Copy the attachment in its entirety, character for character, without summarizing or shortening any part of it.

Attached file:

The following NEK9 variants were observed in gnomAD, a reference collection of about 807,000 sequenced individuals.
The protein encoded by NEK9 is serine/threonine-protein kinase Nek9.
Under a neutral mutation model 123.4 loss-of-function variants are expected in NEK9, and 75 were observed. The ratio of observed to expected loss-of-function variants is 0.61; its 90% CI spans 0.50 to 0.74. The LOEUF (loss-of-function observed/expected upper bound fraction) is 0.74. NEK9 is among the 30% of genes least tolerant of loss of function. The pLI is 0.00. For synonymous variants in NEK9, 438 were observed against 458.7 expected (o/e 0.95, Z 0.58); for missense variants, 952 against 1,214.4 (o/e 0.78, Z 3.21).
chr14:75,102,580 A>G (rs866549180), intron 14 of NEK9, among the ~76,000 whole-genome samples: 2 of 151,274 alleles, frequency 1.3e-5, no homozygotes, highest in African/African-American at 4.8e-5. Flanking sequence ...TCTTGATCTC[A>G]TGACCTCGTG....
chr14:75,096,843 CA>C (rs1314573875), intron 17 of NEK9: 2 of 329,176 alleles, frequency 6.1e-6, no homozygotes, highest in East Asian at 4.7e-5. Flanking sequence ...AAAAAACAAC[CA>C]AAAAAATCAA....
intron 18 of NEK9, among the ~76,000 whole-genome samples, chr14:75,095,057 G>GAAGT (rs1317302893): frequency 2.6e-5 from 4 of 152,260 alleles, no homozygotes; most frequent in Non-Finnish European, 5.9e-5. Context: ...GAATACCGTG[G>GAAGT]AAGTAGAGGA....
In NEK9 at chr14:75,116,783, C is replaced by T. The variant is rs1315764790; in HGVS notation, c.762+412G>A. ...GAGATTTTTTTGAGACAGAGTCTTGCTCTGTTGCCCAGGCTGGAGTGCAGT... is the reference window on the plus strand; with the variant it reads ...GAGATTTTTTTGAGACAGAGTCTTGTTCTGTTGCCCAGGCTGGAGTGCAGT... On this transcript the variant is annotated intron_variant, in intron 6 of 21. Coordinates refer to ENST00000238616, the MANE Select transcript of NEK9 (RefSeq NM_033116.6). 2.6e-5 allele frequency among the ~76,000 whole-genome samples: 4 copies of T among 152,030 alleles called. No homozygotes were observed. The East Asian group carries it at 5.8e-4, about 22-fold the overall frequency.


The following NEK9 variants were observed in gnomAD, a reference collection of about 807,000 sequenced individuals.
The protein encoded by NEK9 is serine/threonine-protein kinase Nek9.
Under a neutral mutation model 123.4 loss-of-function variants are expected in NEK9, and 75 were observed. The ratio of observed to expected loss-of-function variants is 0.61; its 90% CI spans 0.50 to 0.74. The LOEUF (loss-of-function observed/expected upper bound fraction) is 0.74. NEK9 is among the 30% of genes least tolerant of loss of function. The pLI is 0.00. For synonymous variants in NEK9, 438 were observed against 458.7 expected (o/e 0.95, Z 0.58); for missense variants, 952 against 1,214.4 (o/e 0.78, Z 3.21).
chr14:75,102,580 A>G (rs866549180), intron 14 of NEK9, among the ~76,000 whole-genome samples: 2 of 151,274 alleles, frequency 1.3e-5, no homozygotes, highest in African/African-American at 4.8e-5. Flanking sequence ...TCTTGATCTC[A>G]TGACCTCGTG....
chr14:75,096,843 CA>C (rs1314573875), intron 17 of NEK9: 2 of 329,176 alleles, frequency 6.1e-6, no homozygotes, highest in East Asian at 4.7e-5. Flanking sequence ...AAAAAACAAC[CA>C]AAAAAATCAA....
intron 18 of NEK9, among the ~76,000 whole-genome samples, chr14:75,095,057 G>GAAGT (rs1317302893): frequency 2.6e-5 from 4 of 152,260 alleles, no homozygotes; most frequent in Non-Finnish European, 5.9e-5. Context: ...GAATACCGTG[G>GAAGT]AAGTAGAGGA....
In NEK9 at chr14:75,116,783, C is replaced by T. The variant is rs1315764790; in HGVS notation, c.762+412G>A. ...GAGATTTTTTTGAGACAGAGTCTTGCTCTGTTGCCCAGGCTGGAGTGCAGT... is the reference window on the plus strand; with the variant it reads ...GAGATTTTTTTGAGACAGAGTCTTGTTCTGTTGCCCAGGCTGGAGTGCAGT... On this transcript the variant is annotated intron_variant, in intron 6 of 21. Coordinates refer to ENST00000238616, the MANE Select transcript of NEK9 (RefSeq NM_033116.6). 2.6e-5 allele frequency among the ~76,000 whole-genome samples: 4 copies of T among 152,030 alleles called. No homozygotes were observed. The East Asian group carries it at 5.8e-4, about 22-fold the overall frequency.